Want to expand your business? Sorry, short-term rentals have used the water you need. Want to build a new school, or Church? Sorry, no water. Want to add a few rooms to your hotel? Sorry, no water. Been waiting decades to put in another bathroom, or build a home on property where you’ve been waiting for water credits? Sorry, short-term rentals got their first.
(NOTE – there is some allocation for infill, but if STR’s continue to expand at 30% per year they will eat in to that supply. And since STR’s have few, if any permitting challenges, and if the PC continues with a policy of no enforcement, we will be uncharted territory with a legal allocation for infill, an illegal allocation for STR, no way to build new supply, infill may well be unable to actually get the water allocated to them)
- [Employment Problems]Employers have trouble recruiting and retaining employees because they know they will never be able to afford a decent place to live or buy a house anywhere near their place of employment.
How much do we pay for that? I don’t know, but it’s sad. We want good people to teach our children and care for us when we are sick. We want excellent tradespeople, government workers, hospitality workers and all the other stuff we do here in Monterey. But it’s a struggle because just renting is so expensive, and affordable rentals, let alone homes to start building ownership in, are so far away you’re looking at commute times and such where you may as well be in San Francisco or LA. Adding an hour or two of commute to a parents work day is a big deal. And short-term rentals are a big part of that problem.
- [Septic wastewater]Many short-term rentals in environmentally sensitive places do not have the septic system capacity or do the maintenance on their rentals required of commercial hotels, even though they have much more use than average homes.
A lot of short-term rentals are being opened right near the ocean, the Carmel River and other beautiful places. A lot of those places don’t have sewers – they use septic tanks and leach fields, or on-site water treatment. Or maybe a short-term rental above you on a hill has a leaking septic tank.
But at a minimum, a commercial use of a property should have commercial grade septic system, and maintain it like a hotel would. Get it pumped out and maintained right for having a lot of tourists. The over 4,000 rooms already in use, do not. Over 4,000 rooms, right now, do not.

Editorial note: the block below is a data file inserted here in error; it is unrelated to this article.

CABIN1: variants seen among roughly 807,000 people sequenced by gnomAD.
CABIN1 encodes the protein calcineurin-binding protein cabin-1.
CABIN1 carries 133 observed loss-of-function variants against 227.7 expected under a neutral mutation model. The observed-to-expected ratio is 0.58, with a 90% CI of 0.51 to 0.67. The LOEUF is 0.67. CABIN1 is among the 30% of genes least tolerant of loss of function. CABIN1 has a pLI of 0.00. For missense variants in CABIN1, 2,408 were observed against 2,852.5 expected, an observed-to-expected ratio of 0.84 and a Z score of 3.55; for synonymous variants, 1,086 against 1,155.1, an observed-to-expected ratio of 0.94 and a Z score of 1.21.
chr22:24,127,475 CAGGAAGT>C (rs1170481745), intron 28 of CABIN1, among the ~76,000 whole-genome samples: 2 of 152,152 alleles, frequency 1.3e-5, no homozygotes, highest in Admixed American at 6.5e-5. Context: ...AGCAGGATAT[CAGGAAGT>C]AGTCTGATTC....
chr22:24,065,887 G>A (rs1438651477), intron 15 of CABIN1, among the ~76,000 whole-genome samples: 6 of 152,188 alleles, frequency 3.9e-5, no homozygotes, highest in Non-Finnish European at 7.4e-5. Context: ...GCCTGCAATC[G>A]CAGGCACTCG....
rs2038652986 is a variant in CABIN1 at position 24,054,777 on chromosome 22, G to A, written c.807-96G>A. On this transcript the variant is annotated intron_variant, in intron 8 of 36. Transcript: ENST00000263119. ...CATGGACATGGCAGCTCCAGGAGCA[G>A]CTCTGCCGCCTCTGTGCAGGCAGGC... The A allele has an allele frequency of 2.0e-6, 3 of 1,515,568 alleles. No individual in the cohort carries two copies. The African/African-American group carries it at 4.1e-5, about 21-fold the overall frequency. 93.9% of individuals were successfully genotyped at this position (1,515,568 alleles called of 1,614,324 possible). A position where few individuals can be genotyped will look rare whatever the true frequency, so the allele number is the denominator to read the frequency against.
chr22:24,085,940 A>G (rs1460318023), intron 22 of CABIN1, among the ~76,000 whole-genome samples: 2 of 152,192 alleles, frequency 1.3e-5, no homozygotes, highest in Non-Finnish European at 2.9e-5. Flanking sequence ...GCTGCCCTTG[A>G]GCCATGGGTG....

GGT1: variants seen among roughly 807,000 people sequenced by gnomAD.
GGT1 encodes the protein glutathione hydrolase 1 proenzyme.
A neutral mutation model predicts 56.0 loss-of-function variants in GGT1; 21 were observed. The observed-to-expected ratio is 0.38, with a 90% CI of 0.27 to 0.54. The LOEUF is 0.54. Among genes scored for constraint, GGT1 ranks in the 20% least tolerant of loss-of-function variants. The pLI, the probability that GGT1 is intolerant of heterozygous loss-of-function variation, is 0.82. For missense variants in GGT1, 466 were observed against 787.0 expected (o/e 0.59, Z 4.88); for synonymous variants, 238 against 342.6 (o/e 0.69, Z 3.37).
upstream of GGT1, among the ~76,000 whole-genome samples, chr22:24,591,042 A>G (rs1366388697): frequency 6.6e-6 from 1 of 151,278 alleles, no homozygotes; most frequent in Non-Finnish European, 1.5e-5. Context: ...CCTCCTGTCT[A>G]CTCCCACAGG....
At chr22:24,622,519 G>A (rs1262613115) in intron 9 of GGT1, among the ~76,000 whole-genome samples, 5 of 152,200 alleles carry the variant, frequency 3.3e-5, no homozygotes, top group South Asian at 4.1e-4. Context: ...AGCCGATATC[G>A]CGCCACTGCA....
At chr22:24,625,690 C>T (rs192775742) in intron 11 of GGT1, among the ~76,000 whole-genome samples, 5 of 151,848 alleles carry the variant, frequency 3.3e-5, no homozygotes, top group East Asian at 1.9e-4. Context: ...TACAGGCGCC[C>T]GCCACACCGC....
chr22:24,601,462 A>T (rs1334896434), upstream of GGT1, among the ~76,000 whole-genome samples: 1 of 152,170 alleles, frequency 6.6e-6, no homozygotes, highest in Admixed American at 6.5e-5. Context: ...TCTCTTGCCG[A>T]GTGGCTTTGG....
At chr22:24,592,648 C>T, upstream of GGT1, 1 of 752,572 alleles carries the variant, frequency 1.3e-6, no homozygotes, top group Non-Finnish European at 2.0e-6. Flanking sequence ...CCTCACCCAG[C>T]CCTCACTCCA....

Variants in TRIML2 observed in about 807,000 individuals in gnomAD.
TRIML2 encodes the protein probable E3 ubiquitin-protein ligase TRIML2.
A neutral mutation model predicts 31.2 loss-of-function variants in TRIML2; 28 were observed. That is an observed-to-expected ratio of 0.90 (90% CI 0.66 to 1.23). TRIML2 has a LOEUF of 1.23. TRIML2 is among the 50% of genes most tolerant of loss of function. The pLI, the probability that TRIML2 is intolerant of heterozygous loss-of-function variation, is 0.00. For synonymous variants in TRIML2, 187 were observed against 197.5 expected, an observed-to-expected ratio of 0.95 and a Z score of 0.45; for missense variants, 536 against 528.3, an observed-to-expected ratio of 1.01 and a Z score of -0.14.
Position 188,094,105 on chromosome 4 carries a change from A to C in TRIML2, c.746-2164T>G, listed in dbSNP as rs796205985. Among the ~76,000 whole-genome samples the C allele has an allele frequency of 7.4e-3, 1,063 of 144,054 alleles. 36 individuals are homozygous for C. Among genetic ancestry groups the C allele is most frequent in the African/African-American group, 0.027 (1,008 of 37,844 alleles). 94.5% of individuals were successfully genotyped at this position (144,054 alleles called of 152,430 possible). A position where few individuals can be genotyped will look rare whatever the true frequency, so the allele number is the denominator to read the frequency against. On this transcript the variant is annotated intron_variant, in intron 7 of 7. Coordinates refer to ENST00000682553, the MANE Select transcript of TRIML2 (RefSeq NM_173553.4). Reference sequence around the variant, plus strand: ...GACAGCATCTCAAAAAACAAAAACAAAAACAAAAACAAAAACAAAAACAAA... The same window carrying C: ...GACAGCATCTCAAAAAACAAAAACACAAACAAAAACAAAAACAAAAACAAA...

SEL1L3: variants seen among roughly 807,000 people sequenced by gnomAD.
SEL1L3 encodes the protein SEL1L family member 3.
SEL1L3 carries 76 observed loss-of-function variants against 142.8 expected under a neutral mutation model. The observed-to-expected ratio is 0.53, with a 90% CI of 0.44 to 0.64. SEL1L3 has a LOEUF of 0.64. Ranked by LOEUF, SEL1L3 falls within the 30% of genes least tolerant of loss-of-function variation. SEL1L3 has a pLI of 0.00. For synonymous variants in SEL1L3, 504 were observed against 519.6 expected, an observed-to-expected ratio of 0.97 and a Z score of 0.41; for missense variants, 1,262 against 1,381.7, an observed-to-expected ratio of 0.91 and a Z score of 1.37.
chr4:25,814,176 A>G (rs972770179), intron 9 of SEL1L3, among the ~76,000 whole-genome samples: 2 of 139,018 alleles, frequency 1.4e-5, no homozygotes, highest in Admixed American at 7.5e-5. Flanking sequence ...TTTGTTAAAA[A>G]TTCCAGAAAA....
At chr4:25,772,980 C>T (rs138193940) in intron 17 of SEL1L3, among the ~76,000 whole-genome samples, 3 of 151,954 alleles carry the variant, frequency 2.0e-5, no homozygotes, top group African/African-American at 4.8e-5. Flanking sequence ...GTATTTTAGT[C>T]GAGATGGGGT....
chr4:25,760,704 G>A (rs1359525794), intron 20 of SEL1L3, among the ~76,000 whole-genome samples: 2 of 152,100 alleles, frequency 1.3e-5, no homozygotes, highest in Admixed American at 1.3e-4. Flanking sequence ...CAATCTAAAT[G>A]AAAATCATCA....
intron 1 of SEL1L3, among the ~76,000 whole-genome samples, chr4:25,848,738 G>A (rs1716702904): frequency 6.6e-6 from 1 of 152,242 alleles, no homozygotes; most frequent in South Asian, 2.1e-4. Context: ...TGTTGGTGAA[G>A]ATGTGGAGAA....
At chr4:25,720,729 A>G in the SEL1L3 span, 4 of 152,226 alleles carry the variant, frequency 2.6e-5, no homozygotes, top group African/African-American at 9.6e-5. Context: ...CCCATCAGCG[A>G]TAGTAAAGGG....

That home renting out for 200 person weddings? The neighbors never saw a pump truck come through and maintain their system. Never.
- [Rampant Illegality] Over 90% of short-term rentals in the unincorporated County are illegal despite a clear path to getting permits, and operate openly despite its illegality. And in city after city – they continue to operate illegally even after ordinances are passed to legalize them if enforcement is weak, and the ordinance not simple and clear. With a clear ordinance and serious enforcement, reductions in illegal rentals of over 90% are common. Both the City of Monterey and Carmel-by-the-Sea have enforced their bans on short-term rentals using 3 people, and achieved more than 90% reductions. And the salaries of those people were more than paid for by back unpaid tax collections and fines.
- [Wildfire] The giant Soberanes fire was started by an illegal campfire. The Big Sur Volunteer Fire Department has recently found several more illegal smoldering fires. In Carmel Highlands tourists are starting illegal fires on the beaches with a major threat of wildfire all around them. While this is not all due to short-term rentals, uncontrolled growth increases the risk uncontrollably.
- [Greenhouse gases] All the additional commuting by workers forced in to longer commutes emits enough greenhouse gases to run a fair-sized powerplant.
- [Violation of Master and Land Use Plans] All this is in direct violation of pretty much every Master Plan, Land Use Plan, Local Coastal Plan, Highway 1 Plans, and water plans.
- [Hedge Funds get the profit, we foot the bill]
According to Bloomberg and other sources:
Amherst Holding operates 20,000 rental homes and is raising $1 billion to buy more; Cerberus operates 11,000 home rentals with plans to increase that to 40,000; Front Yard, Pretium and Tricon another 40,000 or so. Air BnB is worth over $30 billion and is the largest hotel company on the world.
According to the Wolf Report “This second wave is different. PE firms are paying prices at the peak of the market, amid ceaseless complaints that there isn’t enough inventory of homes for sale, for folks who actually want to live in the homes they buy. And these are just the biggest players. There are thousands of smaller players. And all but mom- and-pop investors pay cash and then fund the purchases with leverage at the institutional level.”
In conclusion: THE CONSENSUS POSITION
We need to get this situation under control – “Put the Genie Back in the Bottle” so to speak. It’s been done, we can do it.
So, in conclusion, this is what we propose:
First – if you want to rent your house or apartment for car week, or the AT&T, or the U.S. Open – you can still do that.
Second, if you are a person and live here full-time and want to rent out a room in your home, while you live there, you can, but only up to the limit of hotel rooms allowed in the Master Plans.
And Third, really serious enforcement, or no rentals allowed. No businesses, just people we know and are part of the community. We’re in this mess because the County has not enforced the law, and the County has to step up.